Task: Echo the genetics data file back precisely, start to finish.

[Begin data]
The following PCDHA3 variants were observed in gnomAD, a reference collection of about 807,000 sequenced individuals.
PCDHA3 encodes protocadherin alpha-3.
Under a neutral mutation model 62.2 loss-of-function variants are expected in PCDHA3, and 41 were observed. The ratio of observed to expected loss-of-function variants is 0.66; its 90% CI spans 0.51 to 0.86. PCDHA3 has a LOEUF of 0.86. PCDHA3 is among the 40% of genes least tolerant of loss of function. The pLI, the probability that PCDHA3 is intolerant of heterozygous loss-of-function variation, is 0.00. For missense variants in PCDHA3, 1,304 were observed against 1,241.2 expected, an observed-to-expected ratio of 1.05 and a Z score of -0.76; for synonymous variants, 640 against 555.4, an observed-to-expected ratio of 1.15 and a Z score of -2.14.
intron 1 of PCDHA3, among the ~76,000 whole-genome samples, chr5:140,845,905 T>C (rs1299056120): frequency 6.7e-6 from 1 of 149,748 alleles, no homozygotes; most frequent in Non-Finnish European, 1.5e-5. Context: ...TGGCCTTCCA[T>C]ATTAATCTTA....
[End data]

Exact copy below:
The following PCDHA3 variants were observed in gnomAD, a reference collection of about 807,000 sequenced individuals.
PCDHA3 encodes protocadherin alpha-3.
Under a neutral mutation model 62.2 loss-of-function variants are expected in PCDHA3, and 41 were observed. The ratio of observed to expected loss-of-function variants is 0.66; its 90% CI spans 0.51 to 0.86. PCDHA3 has a LOEUF of 0.86. PCDHA3 is among the 40% of genes least tolerant of loss of function. The pLI, the probability that PCDHA3 is intolerant of heterozygous loss-of-function variation, is 0.00. For missense variants in PCDHA3, 1,304 were observed against 1,241.2 expected, an observed-to-expected ratio of 1.05 and a Z score of -0.76; for synonymous variants, 640 against 555.4, an observed-to-expected ratio of 1.15 and a Z score of -2.14.
intron 1 of PCDHA3, among the ~76,000 whole-genome samples, chr5:140,845,905 T>C (rs1299056120): frequency 6.7e-6 from 1 of 149,748 alleles, no homozygotes; most frequent in Non-Finnish European, 1.5e-5. Context: ...TGGCCTTCCA[T>C]ATTAATCTTA....